How did we get here? Homily for National Day for Truth and Reconciliation, September 30, 2021, 10 a.m. Mass, Parish Community of St. Kevin
By James T. Mulligan, CSC
A couple of months ago we all cheered and felt wonderful when the Canadian women soccer team won the gold medal at the Olympics. Eleven women on the pitch won it …. but we all won it because we are all Canadians. We were all very, very proud.
Today is the First National Day for Truth and Reconciliation. Today we remember and honour the children who died while attending residential schools and the survivors, families and communities still affected by the legacy of the residential schools system. These residential schools were Canadian as we are all Canadian; these Canadian residential schools were painful and death-dealing to children; these Canadian residential schools were sinful and as Canadians we are all ashamed and we are sorry. As Canadians this is a day for us to recognize the sin of these schools; this is a day for us to learn the truth and to be sorry and to seek pardon and reconciliation.
What were the residential schools?
More than 150,00 First Nations, Metis and Inuit children were forced to attend church-run, government-funded schools between 1870 and 1997. The Canadian government was concerned that these children were not well cared for in their homes. Poor education and health. The government wanted to assimilate the children into white Canadian culture and language and the ways we did things. Children were removed from their families and culture and forced to learn English, embrace Christianity and adopt the customs and ways of the white majority. Many of the children at residential schools were physically, sexually or psychologically abused. The schools became the instrument for cultural genocide part of the effort to eradicate indigenous language and culture. More than 4,000 (likely twice that number) died while attending these schools, most due to malnourishment or disease.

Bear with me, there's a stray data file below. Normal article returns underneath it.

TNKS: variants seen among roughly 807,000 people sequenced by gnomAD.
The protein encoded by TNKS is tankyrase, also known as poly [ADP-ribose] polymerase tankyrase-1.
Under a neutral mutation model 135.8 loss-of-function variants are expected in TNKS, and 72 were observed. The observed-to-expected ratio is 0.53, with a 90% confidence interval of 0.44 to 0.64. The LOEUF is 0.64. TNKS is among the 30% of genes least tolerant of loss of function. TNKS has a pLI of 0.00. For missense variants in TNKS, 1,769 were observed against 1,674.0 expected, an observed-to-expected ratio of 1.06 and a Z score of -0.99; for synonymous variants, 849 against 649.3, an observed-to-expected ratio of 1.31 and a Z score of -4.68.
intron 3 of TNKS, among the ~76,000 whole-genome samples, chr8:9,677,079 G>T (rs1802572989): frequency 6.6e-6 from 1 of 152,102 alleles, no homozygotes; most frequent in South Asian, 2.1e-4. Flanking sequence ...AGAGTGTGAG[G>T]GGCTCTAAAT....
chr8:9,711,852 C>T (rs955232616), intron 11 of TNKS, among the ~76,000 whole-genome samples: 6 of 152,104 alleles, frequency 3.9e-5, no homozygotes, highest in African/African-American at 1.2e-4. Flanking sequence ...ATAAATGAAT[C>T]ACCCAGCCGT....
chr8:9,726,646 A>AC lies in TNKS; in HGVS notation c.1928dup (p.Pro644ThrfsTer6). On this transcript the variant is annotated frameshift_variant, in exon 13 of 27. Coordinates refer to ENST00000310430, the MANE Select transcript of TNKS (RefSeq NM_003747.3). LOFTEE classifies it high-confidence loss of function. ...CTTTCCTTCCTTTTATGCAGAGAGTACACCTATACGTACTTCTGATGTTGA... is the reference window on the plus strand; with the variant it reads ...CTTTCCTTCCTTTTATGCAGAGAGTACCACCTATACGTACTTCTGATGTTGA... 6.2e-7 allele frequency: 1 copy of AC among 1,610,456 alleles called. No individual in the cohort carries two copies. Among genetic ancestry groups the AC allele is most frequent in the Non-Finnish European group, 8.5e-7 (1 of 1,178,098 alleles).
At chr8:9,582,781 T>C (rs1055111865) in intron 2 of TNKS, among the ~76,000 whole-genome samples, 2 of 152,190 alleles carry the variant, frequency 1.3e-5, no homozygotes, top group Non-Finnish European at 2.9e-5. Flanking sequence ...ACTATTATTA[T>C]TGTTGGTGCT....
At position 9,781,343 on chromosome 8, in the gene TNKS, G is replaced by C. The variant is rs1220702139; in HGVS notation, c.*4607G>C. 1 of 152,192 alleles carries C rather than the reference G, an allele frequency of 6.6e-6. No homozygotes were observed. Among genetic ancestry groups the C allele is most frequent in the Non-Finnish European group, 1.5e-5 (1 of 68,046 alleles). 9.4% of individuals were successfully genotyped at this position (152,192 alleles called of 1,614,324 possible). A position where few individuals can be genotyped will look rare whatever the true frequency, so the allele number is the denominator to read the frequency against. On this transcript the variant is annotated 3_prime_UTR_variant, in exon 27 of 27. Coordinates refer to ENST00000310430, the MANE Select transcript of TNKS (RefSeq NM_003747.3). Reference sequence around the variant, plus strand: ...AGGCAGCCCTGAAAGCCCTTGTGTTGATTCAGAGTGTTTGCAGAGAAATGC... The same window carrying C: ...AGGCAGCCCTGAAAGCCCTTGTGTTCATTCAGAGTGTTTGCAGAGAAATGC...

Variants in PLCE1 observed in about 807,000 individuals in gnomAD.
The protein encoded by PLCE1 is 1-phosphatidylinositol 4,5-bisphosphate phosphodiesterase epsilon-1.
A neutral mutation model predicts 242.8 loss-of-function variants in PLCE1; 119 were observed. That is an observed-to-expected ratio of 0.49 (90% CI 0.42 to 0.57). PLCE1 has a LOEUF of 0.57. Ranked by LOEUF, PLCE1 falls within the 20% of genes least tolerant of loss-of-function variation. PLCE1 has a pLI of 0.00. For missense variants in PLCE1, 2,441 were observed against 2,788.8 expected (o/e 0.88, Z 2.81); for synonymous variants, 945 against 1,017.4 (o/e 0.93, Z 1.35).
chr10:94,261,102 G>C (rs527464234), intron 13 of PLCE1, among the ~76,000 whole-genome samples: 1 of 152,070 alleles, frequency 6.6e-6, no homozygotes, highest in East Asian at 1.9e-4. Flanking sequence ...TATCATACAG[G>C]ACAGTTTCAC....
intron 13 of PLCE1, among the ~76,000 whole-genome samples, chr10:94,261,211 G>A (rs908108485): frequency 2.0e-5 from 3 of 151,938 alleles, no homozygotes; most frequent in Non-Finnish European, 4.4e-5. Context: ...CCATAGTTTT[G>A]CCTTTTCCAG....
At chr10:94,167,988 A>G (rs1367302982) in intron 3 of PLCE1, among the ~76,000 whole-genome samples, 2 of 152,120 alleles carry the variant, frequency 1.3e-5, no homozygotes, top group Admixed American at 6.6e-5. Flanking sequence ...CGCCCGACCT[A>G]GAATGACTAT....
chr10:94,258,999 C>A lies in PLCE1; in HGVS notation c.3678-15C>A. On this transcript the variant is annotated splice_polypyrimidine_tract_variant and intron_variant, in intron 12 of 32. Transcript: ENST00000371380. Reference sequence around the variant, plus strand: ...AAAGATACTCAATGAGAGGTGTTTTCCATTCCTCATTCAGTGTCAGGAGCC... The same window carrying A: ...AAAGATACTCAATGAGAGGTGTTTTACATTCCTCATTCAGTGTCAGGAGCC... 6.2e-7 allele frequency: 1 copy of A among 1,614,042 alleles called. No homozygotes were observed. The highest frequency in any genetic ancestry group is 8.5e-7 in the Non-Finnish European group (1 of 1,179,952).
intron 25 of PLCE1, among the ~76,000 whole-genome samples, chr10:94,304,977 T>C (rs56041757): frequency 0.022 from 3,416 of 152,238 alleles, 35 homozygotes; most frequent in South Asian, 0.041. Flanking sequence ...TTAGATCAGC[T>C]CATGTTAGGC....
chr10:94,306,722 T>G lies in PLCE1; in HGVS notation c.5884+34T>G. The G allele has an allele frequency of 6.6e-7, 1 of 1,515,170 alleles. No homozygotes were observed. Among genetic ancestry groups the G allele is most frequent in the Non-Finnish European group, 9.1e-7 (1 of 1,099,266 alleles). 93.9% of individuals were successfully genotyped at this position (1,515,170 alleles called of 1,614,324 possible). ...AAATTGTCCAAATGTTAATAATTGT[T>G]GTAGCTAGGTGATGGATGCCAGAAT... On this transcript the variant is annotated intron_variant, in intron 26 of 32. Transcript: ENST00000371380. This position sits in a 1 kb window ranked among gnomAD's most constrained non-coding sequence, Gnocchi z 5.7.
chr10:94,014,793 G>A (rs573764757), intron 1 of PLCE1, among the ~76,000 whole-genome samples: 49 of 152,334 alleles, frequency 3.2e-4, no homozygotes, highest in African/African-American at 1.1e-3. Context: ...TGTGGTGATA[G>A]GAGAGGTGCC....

The residential school was EVIL.
How did the Catholic Church become involved in these residential schools?
How could the church participate in such evil? The government asked the churches to administer the schools. Sixty percent of the schools were Catholic. Leadership in the church thought that this would be the way to have these children become Catholic and learn our language and become part of our culture.
Bishop Vital Grandin was the Bishop most responsible for shaping Catholic residential schools. He was in Edmonton / St Albert. He had come from France. He was impressed by the reforms of the French prison system. In 1875 this is what he said about the Indigenous children in the schools: We instill in them a pronounced hatred for native life so that they will be humiliated when reminded of their indigenous origin. When they graduate from our institutions the children have lost everything native except their blood.